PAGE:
It's actually easier than you might think. :-)
The problem we face is that our ISP's don't generally have IPV6 routing set up. If they won't carry our packets, just how are we going to carry on a conversation with an IPv6 machine somewhere?
The approach we'll take is to tunnel our ipv6 traffic inside ipv4 packets to a site on the Internet that does have the ability to move our ipv6 traffic for us. Our ISP just sees normal ipv4 traffic, nothing more. We see a full IPV6 connections for all our machines.
For this example, I'll show you how to work with www.freenet6.net, a tunnel broker. They have kindly offered to accept connections from people like us, people whose ISP's don't know how to talk ipv6. When we send them an ipv6 packet stuffed inside an ipv4 header, they unwrap that packet and send it on. When the response comes back from the ipv6 server, they wrap that response back up in an ipv4 header and ship the response back to the real ipv4 address of our gateway.
For this to work, your ipv6 gateway box needs at least one real ipv4 address. It also needs sufficient access through any firewalls on the way out to the Internet to allow outbound connections to tcp ports 3653 and 4343, and both outbound and inbound protocol 41 packets. The former handle authentication with the freenet6 site, the latter actually carry the ipv6 traffic inside ipv4 headers. The traffic on these ports and protocol 41 will only be to machines on the 220.127.116.11/24 network if you want to lock down traffic a bit on your firewall.
Once this is set up, the gateway box will provide a huge number of addresses to the machines behind it. Those machines can run any operating system that supports IPV6. In fact, the gateway itself can run a range of operating systems, although the step-by-step instructions I'll provide show the setup on a linux box. The Freenet6 download page lists support for Windows, Freebsd, Linux, Solaris, Openbsd, Netbsd, and Cisco routers.
In addition to providing the tunnel service, www.freenet6.net also provides a free program that authenticates you to freenet6 and sets up the routing. First, install the radvd routing daemon. If your distribution doesn't have it, check rpmfind.net or the software's home site. This program will hand out addresses to your client machines, much like a dhcp server did on ipv4. It only needs to be installed on your gateway. You don't need to do anything about configuring it or running it; this will be handled automatically.
The other piece of software to install (only on the gateway) is the freenet6 client. This can be found at the Freenet6 download area. I installed the i386 rpm by pulling it down to my hard drive, then running:
rpm -Uvh freenet6-0.9.7-1.i386.rpm
Don't worry too much if the versions seem a bit whacky; they advertise version 1.0.0 on the front page of the site, but it doesn't seem to be actually available for download. No problem, 0.9.7 seems to work just fine.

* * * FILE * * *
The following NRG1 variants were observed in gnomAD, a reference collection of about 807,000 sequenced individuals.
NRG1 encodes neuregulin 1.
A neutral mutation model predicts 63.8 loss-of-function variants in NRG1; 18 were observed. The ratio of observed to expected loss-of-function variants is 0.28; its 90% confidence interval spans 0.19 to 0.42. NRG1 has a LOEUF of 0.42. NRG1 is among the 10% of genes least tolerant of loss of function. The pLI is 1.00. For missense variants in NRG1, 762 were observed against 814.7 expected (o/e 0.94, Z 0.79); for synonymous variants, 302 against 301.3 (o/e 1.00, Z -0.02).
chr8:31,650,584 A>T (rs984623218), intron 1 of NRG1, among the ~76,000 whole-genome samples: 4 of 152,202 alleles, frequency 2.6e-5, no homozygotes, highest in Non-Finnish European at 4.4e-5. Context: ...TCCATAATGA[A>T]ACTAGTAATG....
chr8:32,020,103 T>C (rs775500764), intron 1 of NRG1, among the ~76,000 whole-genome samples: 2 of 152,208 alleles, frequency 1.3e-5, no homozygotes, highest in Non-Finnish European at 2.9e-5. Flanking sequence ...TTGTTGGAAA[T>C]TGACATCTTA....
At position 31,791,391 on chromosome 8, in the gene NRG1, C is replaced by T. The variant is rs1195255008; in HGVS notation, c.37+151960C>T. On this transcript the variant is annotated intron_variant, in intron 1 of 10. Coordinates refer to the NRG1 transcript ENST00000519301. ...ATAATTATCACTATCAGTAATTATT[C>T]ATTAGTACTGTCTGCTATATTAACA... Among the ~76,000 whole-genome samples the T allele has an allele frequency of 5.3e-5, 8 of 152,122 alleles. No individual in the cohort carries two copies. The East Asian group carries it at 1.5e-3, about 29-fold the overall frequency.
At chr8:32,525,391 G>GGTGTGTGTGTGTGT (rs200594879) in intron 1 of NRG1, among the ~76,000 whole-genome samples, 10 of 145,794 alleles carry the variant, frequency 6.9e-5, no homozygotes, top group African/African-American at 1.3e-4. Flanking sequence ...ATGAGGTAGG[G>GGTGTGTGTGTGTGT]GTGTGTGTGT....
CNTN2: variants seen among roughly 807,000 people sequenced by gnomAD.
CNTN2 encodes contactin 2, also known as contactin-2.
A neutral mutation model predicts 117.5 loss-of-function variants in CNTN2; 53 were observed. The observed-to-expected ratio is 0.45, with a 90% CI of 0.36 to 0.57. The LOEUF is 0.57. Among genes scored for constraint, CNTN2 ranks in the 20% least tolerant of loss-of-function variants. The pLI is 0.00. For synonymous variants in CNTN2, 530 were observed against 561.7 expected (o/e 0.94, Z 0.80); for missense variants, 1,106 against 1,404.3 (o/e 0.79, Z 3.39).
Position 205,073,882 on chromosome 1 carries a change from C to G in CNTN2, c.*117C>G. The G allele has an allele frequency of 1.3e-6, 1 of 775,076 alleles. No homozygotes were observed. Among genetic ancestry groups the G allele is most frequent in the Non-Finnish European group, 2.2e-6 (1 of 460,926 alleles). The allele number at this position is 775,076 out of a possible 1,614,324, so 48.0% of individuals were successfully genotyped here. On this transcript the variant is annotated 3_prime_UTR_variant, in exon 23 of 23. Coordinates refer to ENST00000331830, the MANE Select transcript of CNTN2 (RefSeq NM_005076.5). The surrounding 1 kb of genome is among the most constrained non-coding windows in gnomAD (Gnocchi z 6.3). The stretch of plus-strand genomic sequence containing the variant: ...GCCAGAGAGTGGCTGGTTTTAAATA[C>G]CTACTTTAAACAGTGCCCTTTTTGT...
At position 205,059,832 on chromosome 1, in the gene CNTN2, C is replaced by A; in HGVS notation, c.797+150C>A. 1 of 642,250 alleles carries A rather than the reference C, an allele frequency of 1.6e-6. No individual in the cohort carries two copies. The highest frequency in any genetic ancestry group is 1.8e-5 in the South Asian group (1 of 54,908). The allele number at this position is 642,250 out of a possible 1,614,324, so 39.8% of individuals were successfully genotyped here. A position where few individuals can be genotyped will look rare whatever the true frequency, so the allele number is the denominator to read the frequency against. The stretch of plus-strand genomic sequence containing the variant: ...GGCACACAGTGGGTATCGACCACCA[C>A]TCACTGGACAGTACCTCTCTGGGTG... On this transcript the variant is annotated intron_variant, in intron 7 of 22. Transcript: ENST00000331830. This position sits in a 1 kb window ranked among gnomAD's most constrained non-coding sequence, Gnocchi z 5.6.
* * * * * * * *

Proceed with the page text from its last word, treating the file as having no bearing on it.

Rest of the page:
The next step is to apply for an account. Pick a username of at least 8 characters, and enter it and your contact email address. The password to use will be mailed to that account.
Now you need to edit the file /usr/local/tsp/bin/tspc.conf . This file holds your network settings. Here are the lines you need to change, and a quick description.
less /proc/net/devand make sure it's not there. If it already exists, the software setup will come back with odd errors.
Now start up the ipv6 tunnel with:
If it gives you errors, see if you can figure out what the problem is. Otherwise, check that this machine has a live ipv6 connection with the command:
ping6 -n www.ipv6.org
It should provide output similar to:
[root@gateway bin]# ping6 -n www.ipv6.org PING www.ipv6.org(2001:6b0:1:ea:a00:20ff:fe8f:708f) from zzzzzzz : 56 data bytes 64 bytes from 2001:6b0:1:ea:a00:20ff:fe8f:708f: icmp_seq=1 ttl=249 time=616 ms 64 bytes from 2001:6b0:1:ea:a00:20ff:fe8f:708f: icmp_seq=2 ttl=249 time=507 ms 64 bytes from 2001:6b0:1:ea:a00:20ff:fe8f:708f: icmp_seq=3 ttl=249 time=650 ms 64 bytes from 2001:6b0:1:ea:a00:20ff:fe8f:708f: icmp_seq=4 ttl=249 time=561 ms
While that's running, you can watch the tunneled packets with:
tcpdump -i eth1 -qtnp 'net 206.123.31'
which will show the packets heading to and coming from the tunnel servers at 18.104.22.168 and 22.214.171.124 . Substitute the outside network interface of your gateway for eth1.
To see what network block you received, try:
ip -f inet6 route show
Which should return, among others, lines similar to:
[root@gateway bin]# ip -f inet6 route show 3ffe:bc0:zzzz:1::/64 dev tap1 metric 256 mtu 1500 advmss 1440 3ffe:bc0:zzzz::/48 dev tap1 metric 1 mtu 1500 advmss 1440 [snip] default dev sit2 metric 1 mtu 1480 advmss 1420
That /48 is the block you now have for your machines.
ifconfig will show what address is assigned to your local
interfaces; you're interested in the lines with "Scope:Global" as these
are the addresses you can actually use for IPV6 Internet conversations.
"Scope:Link" addresses are only for local use on your network cable,
similar to RFC1918 addresses in IPV4.
As long as the client computer has the ability to autoconfigure an ipv6 address and routing, you're done! The same:
ping6 -n www.ipv6.org
test should show a live ping to the remote end. The same tcpdump above should show the tunneled packets going back and forth.
Thanks to all the people who have worked to make IPV6 a reality and the people that implemented IPV6 in Linux. Also, special thanks to the Freenet6 team at Hexago for providing this public service at no cost. Thanks also to David Coulson for putting up with some rather silly questions.
Bill Stearns wrote this text.
William is an Open-Source developer, enthusiast, and advocate from New Hampshire, USA. His day job at SANS pays him to work on network security and Linux projects.
This document is Copyright 2003, William Stearns <firstname.lastname@example.org>.
Last updated 12/2/2003.